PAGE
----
In Shooter, America is baaaad. So bad that even the handful of good guys left in government are powerless to stop the vast majority of baaaad ones running it layer upon layer upon layer (with brandy snifter in hand, of course.)

In Shooter, there are no Republicans or Democrats, only guys trying to make a quick buck. In fact, any U.S. senator -- albeit those who look suspiciously more Republican than Democrat -- will admit that to your face, with a smile and a puff of cigar smoke, because you can’t do a thing about it, little man.

In Shooter, U.S. soldiers get left behind at the first sign of trouble. By their commanding officers. Who will set up large, illegal, undetectable military bases in foreign countries at a phone call from those Republican-looking senators and their Haliburton pals.

In Shooter, you can tell the bad guys by their American flag lapel pins, and the good guys by their Che Guevara T-shirts.

In Shooter, you have a film to heal the long and unfortunate rift between Hollywood and Iran caused by 300.

In Shooter...

You have a film Hugo Chavez will adore...

You have a film Hugo Chavez-adoring Danny Glover stars...

Patriotism is for suckers who should know better, a weakness acknowledged reluctantly, like alcoholism...

And even rednecky, good-old-boy gun nuts from the deep south gloat like Rosie O’Donnell about finding no WMDs in Iraq...

Seriously folks, it’s that bad.

Danny Glover was a dead giveaway, of course, but I had hoped it was one of those cases where he was so desperate for work, he was willing to compromise his core beliefs. Like Oliver Stone stooping to direct World Trade Center. But nope.

Oh, and get ready for the payoff line at the end...

Evil Guy: You can’t shoot me. I’m a U.S. Senator!
Hero: Exactly. [BLAMMO!!!]

Burn, baby, burn!!

And when, oh when, are we going to give private security contractors a break? They're popping up as the heavies everywhere lately, despite the fact most are uber-patriots in the real world who deserve to be stars in their own right. (But to see that movie, you'll have to buy my recently completed Iraq actioner, Spartans, currently being politely rejected for its subject matter by all the top producers in Hollywood.)

Tuesday, March 13, 2007

The Oracle at Fresno speaks

Maverick classics scholar Victor Davis Hanson returned to a packed house at his old Fresno State stomping grounds tonight to weigh in on his involvement with 300 and the history that inspired it.

And when I say packed, I'm talking Starkist tuna.

I ended up party to this egregious violation of fire code in a "seat" on the floor down one aisle with scores of others assembled to bask in the glory.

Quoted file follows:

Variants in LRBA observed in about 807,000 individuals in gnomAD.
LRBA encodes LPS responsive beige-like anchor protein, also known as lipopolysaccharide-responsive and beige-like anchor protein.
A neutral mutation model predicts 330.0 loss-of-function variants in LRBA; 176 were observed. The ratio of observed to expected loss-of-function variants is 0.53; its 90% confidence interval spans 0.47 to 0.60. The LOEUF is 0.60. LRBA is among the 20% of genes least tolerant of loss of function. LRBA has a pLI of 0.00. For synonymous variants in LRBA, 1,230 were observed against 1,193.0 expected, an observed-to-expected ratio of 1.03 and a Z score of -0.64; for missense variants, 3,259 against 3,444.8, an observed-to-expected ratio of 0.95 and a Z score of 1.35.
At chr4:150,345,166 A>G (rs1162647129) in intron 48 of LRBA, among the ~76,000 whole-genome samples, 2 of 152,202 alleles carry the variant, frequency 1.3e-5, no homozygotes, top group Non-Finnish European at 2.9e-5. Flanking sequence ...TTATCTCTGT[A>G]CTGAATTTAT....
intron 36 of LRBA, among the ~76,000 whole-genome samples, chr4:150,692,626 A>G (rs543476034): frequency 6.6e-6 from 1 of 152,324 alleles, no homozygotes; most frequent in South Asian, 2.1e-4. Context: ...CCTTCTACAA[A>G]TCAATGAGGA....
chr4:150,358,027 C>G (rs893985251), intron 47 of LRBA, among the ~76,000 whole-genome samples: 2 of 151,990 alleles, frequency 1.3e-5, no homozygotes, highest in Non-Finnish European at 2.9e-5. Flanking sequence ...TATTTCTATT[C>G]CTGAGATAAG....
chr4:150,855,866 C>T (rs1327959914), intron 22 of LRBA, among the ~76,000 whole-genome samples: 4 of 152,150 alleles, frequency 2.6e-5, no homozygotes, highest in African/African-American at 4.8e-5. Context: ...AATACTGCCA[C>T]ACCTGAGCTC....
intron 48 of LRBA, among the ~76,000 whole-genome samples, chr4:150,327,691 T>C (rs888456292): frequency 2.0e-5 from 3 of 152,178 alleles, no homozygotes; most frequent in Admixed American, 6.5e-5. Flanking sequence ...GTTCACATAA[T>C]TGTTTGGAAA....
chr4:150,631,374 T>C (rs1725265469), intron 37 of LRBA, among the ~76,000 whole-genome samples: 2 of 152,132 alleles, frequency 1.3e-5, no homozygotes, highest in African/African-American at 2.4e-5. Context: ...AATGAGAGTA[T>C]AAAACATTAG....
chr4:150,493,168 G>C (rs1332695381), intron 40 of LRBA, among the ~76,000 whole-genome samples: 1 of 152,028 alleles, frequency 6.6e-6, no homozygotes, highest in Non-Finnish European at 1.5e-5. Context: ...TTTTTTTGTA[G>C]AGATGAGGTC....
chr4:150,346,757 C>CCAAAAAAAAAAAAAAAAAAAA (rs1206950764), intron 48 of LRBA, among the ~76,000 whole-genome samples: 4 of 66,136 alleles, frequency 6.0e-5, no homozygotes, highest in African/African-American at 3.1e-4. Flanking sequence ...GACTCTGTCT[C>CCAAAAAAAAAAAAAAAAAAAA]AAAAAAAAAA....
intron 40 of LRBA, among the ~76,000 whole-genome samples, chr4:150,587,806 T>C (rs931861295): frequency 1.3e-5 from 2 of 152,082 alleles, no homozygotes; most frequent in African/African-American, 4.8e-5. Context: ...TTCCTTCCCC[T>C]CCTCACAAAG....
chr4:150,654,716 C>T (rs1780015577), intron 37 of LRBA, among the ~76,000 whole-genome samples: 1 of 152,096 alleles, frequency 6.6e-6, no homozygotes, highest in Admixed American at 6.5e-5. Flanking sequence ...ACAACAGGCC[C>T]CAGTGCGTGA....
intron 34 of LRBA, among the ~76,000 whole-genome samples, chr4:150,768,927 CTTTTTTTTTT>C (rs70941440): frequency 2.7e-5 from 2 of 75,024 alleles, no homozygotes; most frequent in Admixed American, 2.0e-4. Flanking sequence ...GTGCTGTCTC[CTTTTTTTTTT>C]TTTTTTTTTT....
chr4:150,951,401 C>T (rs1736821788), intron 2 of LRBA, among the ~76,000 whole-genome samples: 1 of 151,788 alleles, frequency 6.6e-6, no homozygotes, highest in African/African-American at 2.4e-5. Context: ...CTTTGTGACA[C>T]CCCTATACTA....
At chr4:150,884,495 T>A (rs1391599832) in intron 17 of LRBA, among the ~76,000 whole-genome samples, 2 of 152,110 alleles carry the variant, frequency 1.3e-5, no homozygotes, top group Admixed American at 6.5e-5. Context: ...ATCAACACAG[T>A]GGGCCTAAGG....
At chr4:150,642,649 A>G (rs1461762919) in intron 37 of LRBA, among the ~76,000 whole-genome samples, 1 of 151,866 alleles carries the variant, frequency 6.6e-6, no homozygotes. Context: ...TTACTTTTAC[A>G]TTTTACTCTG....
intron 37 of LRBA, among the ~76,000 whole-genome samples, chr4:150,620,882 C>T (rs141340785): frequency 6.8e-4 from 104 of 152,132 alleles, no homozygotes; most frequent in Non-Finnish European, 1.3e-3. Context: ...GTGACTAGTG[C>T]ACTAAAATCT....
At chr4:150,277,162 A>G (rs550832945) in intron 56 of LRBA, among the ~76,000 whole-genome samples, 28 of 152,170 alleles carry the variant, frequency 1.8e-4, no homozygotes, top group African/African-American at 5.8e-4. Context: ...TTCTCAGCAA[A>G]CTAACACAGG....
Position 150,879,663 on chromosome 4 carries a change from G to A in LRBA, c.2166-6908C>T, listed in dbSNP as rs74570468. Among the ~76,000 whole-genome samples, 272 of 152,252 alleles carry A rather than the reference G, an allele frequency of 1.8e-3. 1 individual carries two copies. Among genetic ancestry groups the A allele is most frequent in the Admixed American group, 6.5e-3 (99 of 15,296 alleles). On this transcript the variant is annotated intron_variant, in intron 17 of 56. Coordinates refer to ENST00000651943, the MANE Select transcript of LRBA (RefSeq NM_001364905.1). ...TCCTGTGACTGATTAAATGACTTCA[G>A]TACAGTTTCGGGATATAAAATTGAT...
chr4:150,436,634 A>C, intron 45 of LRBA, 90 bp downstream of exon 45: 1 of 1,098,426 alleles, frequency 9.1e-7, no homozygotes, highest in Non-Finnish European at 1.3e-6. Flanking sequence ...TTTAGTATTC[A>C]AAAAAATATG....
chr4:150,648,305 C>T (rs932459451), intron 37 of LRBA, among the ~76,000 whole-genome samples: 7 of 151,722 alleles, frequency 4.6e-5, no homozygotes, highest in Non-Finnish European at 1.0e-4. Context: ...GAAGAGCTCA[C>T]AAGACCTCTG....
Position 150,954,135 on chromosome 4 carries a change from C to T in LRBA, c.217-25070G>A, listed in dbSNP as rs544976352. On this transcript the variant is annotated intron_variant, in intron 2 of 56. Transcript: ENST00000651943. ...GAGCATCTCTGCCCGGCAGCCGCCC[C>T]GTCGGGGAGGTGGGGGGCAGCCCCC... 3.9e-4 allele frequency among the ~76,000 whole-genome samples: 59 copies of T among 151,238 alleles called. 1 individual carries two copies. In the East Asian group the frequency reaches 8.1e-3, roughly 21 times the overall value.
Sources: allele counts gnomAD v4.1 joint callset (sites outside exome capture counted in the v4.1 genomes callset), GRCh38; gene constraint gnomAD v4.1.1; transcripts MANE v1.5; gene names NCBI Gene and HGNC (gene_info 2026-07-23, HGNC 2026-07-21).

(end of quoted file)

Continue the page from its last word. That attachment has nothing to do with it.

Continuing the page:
In his usual odd mix of academic brilliance and raisin farmer earthiness (seriously, the farm's been in the family for generations -- he once recreated an ancient battle there with students wearing 70 lbs of armor like true hoplites) Hanson spoke for about 30 minutes before taking questions from the audience of all ages and media affiliations.

I would have opened my laptop to take notes if I wasn't pretty much spooning my aisle-mates by the time we actually got rolling, so here goes the random highlights.

Yes, 300 was his first movie gig, though he passed up hanging with Colin Farrell for Alexander after getting a phone call from "an obnoxious sounding woman with a British accent" requesting the meeting. Hanson had never heard of Farrell -- and had no problem trashing the film when he saw it. Ditto for Troy.

Zack Snyder, co-writer Kurt Johnstad and Frank Miller, fans of Hanson's writings, hounded him for some time to view an early cut of the film, Johnstad ultimately driving all the way to Selma with a DVD.

"When someone phones you and lists Dawn of the Dead and Sin City as their credentials, you have to be careful," Hanson joked. "I've already done enough to discredit the profession."

After initial skepticism over visual embellishments and details like the lack of armor, Hanson was won over by the accurate themes and spirit of the thing.

He considers 300 historically accurate, merely delivered in a hyper stylized form -- something guys like Herodotus and Plutarch would have been just fine with.

He was also impressed with the lengths the filmmakers went to stay real with the script. The film contains some 16 lines lifted directly from history and a slew of whole scenes. That cool bit with Xerxes' messengers tossed into the well? That happened too.

Also accurate, the phalanx style of fighting. But surprisingly, even the one-on-one fighting scenes are grounded in history. Mini sorties and hand-to-hand combat often followed the phalanx charge, Hanson said.

There was one truly Hollywood aspect...

Hanson said he couldn't help but notice, too, the -- er, hyper-reality of the upper female anatomy on screen at times.

"We have makeup for everything," Snyder said.

Colleagues have given Hanson grief for defending the film, mostly for political reasons.

“Why are you working with this right-wing, comic-book guy Frank Miller?” they ask.

"What I love about these guys is that they're outsiders, doing this with a handful of people beyond the mainstream, on a budget of $26 million," Hanson said.

He never officially outed Snyder and Johstad as conservatives. But he did say Gorgo's troop surge senate speech was added after the Bush Administration's decision to up the ante in Iraq.

"That wasn't in the version I saw late last year," he said.

He also said he just got an email from one of them, "thrilled" at reports people were walking out of the movie in Germany after calling it an American propaganda movie.

"I can only assume they're ecstatic now that Iran is outraged too," Hanson said.

Other completely random highlights:

* Hanson stayed a phone call away during final and post-production, with Snyder calling on at least one occasion for quick tips and fix-it advice.

* Hanson attended the big So Cal premier last week.

* Are you a super fan planning to visit the actual pass at Thermopylae? You may be disappointed. It's now a highway, with the sea below the cliffs silted over for some distance.

* Archeology at Thermopylae has unearthed hundreds of arrowheads on the spot the 300 died, confirming they fought in the "shade."

* Hanson was once contacted by a military unit in Iraq, asking for the correct Greek form of their proposed tattoos: "Come and take them,” the taunt used by Leonidas' men in the film.